The more prestigious the journal, conference, or grant, the more demanding will be the review process, and the more likely the rejection. This prestige is why these papers tend to be more read and more cited.

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Dentists from the dark side?

Loretta Marron OAM BSc

While dining out with an elderly friend, I noticed that he kept his false tooth plate in his shirt pocket. He had recently had seven amalgam-filled teeth removed, because he believed that their toxins were making him sick; but his new plate was uncomfortable. He had been treated by an 'holistic dentist'. Claiming to offer a "safe and healthier alternative" to conventional dentistry, are they committed to our overall health and wellbeing or are they promoting unjustified fear, unnecessarily extracting teeth and wasting our money?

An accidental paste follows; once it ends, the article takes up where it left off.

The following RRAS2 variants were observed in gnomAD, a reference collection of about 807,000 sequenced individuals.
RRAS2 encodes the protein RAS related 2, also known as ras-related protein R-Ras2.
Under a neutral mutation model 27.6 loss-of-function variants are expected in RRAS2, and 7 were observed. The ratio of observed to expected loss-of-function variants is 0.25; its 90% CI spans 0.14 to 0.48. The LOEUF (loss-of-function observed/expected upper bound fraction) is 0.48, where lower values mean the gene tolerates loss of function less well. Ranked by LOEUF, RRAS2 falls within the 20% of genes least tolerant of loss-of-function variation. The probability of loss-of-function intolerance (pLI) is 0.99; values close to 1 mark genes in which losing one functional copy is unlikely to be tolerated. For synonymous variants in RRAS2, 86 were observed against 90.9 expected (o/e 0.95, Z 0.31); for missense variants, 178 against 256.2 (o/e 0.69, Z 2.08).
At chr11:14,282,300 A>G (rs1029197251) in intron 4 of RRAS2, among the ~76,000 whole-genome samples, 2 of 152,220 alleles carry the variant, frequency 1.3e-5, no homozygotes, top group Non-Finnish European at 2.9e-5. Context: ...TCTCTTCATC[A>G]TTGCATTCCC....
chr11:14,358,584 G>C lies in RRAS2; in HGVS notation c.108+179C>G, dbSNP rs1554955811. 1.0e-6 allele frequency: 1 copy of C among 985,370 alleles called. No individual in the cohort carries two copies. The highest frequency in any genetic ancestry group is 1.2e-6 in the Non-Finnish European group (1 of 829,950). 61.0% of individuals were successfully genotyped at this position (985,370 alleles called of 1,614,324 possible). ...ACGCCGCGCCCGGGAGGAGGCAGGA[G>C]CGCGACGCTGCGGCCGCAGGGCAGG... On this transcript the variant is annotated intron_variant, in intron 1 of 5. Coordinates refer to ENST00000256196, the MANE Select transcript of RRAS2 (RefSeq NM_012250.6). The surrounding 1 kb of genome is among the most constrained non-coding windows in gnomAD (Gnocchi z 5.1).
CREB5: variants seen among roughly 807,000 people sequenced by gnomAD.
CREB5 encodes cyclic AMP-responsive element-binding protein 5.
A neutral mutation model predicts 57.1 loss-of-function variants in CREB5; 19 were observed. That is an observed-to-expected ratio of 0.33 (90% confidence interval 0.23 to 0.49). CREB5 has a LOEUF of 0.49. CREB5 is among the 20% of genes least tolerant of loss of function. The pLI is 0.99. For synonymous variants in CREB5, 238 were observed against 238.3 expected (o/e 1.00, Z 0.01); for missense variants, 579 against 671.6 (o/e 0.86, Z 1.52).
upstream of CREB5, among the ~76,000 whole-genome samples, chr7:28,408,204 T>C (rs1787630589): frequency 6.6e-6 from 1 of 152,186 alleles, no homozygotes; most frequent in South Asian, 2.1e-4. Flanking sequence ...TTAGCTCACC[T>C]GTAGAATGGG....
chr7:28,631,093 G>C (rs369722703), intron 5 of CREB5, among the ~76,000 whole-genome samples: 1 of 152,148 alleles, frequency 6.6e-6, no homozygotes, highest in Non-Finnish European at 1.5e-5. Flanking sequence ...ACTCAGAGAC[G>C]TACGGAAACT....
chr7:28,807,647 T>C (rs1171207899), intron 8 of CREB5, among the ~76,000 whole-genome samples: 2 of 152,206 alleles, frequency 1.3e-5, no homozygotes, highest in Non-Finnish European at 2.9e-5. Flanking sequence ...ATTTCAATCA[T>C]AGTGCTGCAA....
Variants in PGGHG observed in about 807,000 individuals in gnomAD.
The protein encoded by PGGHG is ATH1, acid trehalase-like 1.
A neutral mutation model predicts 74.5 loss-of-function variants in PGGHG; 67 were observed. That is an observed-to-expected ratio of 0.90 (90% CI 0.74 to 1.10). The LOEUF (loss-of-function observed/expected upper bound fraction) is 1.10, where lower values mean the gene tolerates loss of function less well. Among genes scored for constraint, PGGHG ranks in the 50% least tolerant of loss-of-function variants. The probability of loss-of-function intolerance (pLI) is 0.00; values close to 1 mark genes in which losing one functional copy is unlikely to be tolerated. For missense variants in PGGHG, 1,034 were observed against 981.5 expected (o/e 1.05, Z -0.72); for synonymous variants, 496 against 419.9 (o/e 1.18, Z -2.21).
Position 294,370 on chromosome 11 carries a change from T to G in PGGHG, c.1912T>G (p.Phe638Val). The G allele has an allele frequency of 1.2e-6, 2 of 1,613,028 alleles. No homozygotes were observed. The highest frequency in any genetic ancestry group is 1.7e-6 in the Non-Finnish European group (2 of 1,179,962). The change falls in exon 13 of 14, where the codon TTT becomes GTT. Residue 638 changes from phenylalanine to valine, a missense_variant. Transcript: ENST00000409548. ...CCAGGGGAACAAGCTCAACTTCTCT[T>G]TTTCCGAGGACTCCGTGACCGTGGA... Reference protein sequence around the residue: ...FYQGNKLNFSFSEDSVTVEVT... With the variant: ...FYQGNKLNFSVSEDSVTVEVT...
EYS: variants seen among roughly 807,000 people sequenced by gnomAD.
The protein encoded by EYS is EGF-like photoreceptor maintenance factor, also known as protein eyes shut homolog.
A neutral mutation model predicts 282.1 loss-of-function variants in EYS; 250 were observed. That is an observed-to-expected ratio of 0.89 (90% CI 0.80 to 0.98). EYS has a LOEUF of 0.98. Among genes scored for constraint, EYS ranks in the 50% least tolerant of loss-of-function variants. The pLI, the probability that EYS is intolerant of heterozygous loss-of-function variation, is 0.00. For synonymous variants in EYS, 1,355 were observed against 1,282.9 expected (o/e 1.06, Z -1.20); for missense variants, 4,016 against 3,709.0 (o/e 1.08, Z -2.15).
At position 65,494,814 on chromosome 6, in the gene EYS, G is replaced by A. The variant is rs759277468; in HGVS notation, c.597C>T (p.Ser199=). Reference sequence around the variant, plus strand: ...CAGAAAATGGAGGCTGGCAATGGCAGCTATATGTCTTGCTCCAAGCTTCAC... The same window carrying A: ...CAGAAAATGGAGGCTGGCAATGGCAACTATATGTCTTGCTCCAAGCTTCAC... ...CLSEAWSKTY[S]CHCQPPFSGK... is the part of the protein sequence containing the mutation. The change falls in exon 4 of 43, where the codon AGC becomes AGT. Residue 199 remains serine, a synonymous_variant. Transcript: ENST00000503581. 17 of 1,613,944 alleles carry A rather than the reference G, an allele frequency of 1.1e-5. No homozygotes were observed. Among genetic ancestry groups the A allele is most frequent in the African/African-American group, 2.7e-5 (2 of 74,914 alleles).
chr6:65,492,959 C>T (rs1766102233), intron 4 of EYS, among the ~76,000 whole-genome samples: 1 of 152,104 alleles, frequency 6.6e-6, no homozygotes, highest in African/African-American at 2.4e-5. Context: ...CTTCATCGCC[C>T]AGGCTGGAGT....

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Planning for Profit in 2015 – Your key to Business Success

Chris Foster

We are now entering a new financial year and it’s a great time to reflect on last year and highlight those things that went well and those that may have impacted negatively in the pursuit of your goals.
It's also a great to spend some time re-evaluating your personal and business short, medium and long term goals in the light of events over the last year.
The achievement of your goals will in many cases be dependent on setting and aspiring to specific financial targets. It's important that recognise that many of your personal goals will require you to generate sufficient business profits to fund those aspirations

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ReWalk™ Personal Exoskeleton System Cleared by FDA for Home Use

Staff Writer

Exoskeleton leader ReWalk Robotics announced today that the U.S. Food and Drug Administration has cleared the company’s ReWalk Personal System for use at home and in the community.